Heavens,the venom hurled at “Cats,” one of the first big “tourist attraction” musicals, finally brought to the big screen and with a star-studded cast, no less.
Long-planned, long-thought unfilmmable, a hodgepodge of songs and feline choreography and feelings attached to the flimsiest plot one could piece together from the poems of T.S. Eliot, it’s not going to be to every taste.
Early reviews have taken on a blood-in-the-water feeding frenzy from the reviewing community. Is it really the “worst film of the year,” as a few have intimated?
A mix of singers ranging from very good to game but not polished, to indifferent and thin, with the great Jennifer Hudson and the not-in-her-class Taylor Swift among them, digitally-augmented fur and tails which render some good choreography choppy and jerky and a “plot” that’s been problematic from the start and there you have it. As the trite cliche goes, “It is what it is.”
But approach it on its own terms, as a period piece with a twinkly electronic-flavored ’80s score. Recognize that it is spectacle song and dance and emotion and cat-fancying, and eventually you’ll get what director Tom Hooper (“The King’s Speech,” “The Danish Girl”) was shooting for.
There’s a chance you could still recoil from it, the garishness of it all. But if you aren’t moved by “Memory,” the play’s show-stopper, even if it seems the Oscar-winning Hudson is about to overwhelm it at times, that’s on you.
Perhaps you’re too far away from the old age and loneliness this epic balladic lament is about. You’ve never tried to comfort an ancient pet in your arms, assuring them that they’re not dying alone.
Ballerina Francesca Hayward is Victoria, a young cat dumped in an alley in a neon-lit soundstage and digital backdrops version of 1920s London.
She is taken in by the gang, the Jellicle cats of Eliot’s poems. She dances with and sings with them as they tell their stories in song.
One deserving cat, nearing “The End,” is singled out every year by Old Deuteronomy (Judi Dench) as being worthy of selection to go to the “Heavyside Layer” to be reborn and earn another of those “nine lives” cats are supposed to have.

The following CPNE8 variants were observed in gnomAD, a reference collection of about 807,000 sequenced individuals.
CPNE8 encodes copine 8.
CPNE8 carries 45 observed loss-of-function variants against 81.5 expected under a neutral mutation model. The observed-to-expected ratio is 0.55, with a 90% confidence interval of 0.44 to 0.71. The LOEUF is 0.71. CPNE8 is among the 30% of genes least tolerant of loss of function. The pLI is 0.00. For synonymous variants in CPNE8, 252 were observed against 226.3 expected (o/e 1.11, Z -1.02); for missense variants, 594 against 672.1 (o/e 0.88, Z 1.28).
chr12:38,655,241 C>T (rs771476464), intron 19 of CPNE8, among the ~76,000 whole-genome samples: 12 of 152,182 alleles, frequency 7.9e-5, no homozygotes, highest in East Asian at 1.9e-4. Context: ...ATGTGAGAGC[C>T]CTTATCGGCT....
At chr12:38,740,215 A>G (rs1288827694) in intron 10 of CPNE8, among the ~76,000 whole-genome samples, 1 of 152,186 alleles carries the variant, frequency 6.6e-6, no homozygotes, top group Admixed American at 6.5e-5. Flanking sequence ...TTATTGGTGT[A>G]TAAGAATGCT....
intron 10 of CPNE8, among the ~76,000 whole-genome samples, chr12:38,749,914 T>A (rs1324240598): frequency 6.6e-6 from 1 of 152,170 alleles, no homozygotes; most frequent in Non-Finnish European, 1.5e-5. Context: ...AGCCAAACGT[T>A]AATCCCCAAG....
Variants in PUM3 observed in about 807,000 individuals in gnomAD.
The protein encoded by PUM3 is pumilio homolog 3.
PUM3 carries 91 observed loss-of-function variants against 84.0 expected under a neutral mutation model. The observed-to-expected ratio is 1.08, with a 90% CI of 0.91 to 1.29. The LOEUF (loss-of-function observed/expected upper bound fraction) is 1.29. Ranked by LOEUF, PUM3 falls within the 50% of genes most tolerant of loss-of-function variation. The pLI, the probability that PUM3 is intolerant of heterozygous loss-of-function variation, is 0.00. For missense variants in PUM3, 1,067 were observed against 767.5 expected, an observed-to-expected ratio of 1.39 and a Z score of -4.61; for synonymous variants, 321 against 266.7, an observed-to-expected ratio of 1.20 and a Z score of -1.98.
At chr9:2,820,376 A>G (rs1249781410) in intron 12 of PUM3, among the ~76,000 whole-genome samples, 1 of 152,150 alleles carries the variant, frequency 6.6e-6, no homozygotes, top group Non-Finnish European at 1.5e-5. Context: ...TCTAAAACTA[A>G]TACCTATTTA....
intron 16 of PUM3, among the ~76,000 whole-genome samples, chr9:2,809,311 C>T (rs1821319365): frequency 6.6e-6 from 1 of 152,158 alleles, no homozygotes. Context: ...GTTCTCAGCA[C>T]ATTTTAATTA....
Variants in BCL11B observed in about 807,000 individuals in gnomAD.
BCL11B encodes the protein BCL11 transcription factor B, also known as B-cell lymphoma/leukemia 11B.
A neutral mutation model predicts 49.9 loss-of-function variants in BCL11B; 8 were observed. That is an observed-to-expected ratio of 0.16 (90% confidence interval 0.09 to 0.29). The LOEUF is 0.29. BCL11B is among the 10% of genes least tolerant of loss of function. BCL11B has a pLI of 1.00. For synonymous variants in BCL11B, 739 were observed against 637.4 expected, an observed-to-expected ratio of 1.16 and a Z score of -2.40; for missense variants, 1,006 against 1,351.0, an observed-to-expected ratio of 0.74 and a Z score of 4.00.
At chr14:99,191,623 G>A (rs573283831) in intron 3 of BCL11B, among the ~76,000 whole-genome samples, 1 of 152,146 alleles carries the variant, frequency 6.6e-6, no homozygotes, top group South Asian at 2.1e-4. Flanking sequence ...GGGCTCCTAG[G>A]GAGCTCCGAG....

Mr. Mistoffelees (Laurie Davidson) is “a magical cat,” a magician. Bustopher Jones (James Corden) is a fat cat, “puss in spats,” a bit of a swell. Jennyanydots (Rebel Wilson) is confined to one tiny corner of her house, the kitchen, where she plays with the mice, trains the cockroaches as a marching chorus line (chomping down on one, every so often). Skimbleshanks (Steven McRae) is “The Railway Cat,” a terrific tap dancer.
There’s Gus the Theatre Cat (Ian McKellen), ancient enough to sing that he’s “not the cat that I was in my time.” McKellen gives this doddering old hoofer a twinkle and is one of the stand-outs in this cast.
There’s funky showoff Rum Tum Tugger (Jason Derulo), and many others — all of whom are spied on by the streetwise McAvity, given a delicious menace by Idris Elba. He’s so cunning, he plays on fixing the “selection” for himself, so cruel he’s willing to do awful things to the other cats being considered to ensure his own survival.
And he’s so cruel that he has his own sultry siren as opening act, Bombalurina, vamped up by Taylor Swift, who puts her song over despite not having what we’d call a “musical theater voice.”
Neither do Dench, McKellen or the ostensible lead, Hayward. If you’re going to this for the music, you might feel let down by a few of the singers.
And if you’re most familiar with one of the many plaintive, sensitive covers of “Memory” that have streaked through the pop culture firmament over the decades — Streisand’s lovely one comes to mind — you might not warm to Hudson’s crushing embrace of “Touch me, It’s so easy to leave me, All alone with my memory, Of my days in the sun.”
I went with it. And for its sometimes choppy dance numbers and its various dead spots — it’s really too much, too diffuse, too loopy to be the play that turned generations of kids into musical theater fans — I went with the film, too.
A project this challenging, this ambitious and this extraordinary, for all its faults, is foolish to dismiss. God knows we have enough mass market “product” built on a guaranteed “Star Wars,” Marvel or “Insidious Universe” fanbase.
If it’s not for everybody (I think fans of the play will like it), that’s no crime either.
I appreciate the effort, got in sync (eventually) with what Hooper was trying to do and found myself quite moved, once or twice — which is twice more than “The Rise of Skywalker” managed.
MPAA Rating: PG for some rude and suggestive humor
Cast: Francesca Hayward, Judi Dench, Idris Elba, Jennifer Hudson, Taylor Swift, James Corden and Ian McKellen.
Credits: Directed by Tom Hooper, script by Tom Hooper and Lee Hall, based on the musical by Andrew Lloyd Webber which was based on T.S. Elliot’s “Old Possum’s Book of Practical Cats.” A Universal release.
Running time: 1:50